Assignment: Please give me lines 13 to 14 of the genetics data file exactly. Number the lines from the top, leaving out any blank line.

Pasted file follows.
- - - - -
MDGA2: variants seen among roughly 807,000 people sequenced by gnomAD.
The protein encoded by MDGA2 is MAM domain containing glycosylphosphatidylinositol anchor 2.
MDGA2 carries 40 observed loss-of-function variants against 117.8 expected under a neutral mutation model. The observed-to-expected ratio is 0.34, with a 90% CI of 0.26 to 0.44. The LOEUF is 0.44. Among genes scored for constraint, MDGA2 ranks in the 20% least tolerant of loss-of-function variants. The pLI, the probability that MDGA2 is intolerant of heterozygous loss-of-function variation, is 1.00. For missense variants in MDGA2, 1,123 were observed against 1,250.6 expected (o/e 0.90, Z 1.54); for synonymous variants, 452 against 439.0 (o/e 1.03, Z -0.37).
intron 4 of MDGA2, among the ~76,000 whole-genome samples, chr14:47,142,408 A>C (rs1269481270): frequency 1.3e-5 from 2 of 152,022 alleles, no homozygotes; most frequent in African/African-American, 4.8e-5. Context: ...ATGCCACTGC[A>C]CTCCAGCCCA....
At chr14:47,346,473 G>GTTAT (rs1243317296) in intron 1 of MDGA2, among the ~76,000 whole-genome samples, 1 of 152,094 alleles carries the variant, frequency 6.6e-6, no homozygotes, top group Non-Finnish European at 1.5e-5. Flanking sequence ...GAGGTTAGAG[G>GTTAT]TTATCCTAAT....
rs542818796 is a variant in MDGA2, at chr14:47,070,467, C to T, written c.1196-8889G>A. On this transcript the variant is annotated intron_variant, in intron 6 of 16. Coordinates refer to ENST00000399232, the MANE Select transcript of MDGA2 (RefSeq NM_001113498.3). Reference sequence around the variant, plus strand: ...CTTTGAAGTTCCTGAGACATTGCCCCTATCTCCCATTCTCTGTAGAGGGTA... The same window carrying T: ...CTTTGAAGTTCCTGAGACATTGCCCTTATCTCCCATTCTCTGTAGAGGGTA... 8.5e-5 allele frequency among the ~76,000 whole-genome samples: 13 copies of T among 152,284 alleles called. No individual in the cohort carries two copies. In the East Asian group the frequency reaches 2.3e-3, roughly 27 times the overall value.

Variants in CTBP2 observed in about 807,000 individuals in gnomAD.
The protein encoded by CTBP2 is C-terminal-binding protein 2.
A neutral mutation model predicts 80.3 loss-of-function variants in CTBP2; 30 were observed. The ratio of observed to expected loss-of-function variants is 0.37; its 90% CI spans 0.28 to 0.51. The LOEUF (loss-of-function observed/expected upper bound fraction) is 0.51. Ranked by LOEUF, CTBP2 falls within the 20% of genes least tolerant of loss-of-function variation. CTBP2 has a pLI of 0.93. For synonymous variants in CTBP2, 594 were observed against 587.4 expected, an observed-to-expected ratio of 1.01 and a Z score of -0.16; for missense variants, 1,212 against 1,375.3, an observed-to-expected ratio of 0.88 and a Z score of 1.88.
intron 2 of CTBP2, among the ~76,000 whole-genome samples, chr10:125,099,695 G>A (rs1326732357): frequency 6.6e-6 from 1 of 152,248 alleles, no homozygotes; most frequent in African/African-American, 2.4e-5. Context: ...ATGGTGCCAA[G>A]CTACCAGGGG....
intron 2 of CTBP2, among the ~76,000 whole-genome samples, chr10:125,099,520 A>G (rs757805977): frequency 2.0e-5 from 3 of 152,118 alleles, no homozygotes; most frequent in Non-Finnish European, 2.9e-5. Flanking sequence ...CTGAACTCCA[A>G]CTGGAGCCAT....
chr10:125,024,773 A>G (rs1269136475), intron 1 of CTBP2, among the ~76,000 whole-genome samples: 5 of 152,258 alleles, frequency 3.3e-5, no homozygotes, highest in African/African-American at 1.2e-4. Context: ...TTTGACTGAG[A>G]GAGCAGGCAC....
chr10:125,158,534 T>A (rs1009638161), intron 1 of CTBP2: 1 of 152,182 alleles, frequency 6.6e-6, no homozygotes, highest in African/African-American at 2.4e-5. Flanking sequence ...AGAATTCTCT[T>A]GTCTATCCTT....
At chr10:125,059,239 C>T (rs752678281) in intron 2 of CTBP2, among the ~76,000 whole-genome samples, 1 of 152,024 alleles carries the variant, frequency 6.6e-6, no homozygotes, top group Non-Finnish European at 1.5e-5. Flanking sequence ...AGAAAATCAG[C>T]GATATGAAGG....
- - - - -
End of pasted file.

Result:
chr10:125,158,534 T>A (rs1009638161), intron 1 of CTBP2: 1 of 152,182 alleles, frequency 6.6e-6, no homozygotes, highest in African/African-American at 2.4e-5. Flanking sequence ...AGAATTCTCT[T>A]GTCTATCCTT....
At chr10:125,059,239 C>T (rs752678281) in intron 2 of CTBP2, among the ~76,000 whole-genome samples, 1 of 152,024 alleles carries the variant, frequency 6.6e-6, no homozygotes, top group Non-Finnish European at 1.5e-5. Flanking sequence ...AGAAAATCAG[C>T]GATATGAAGG....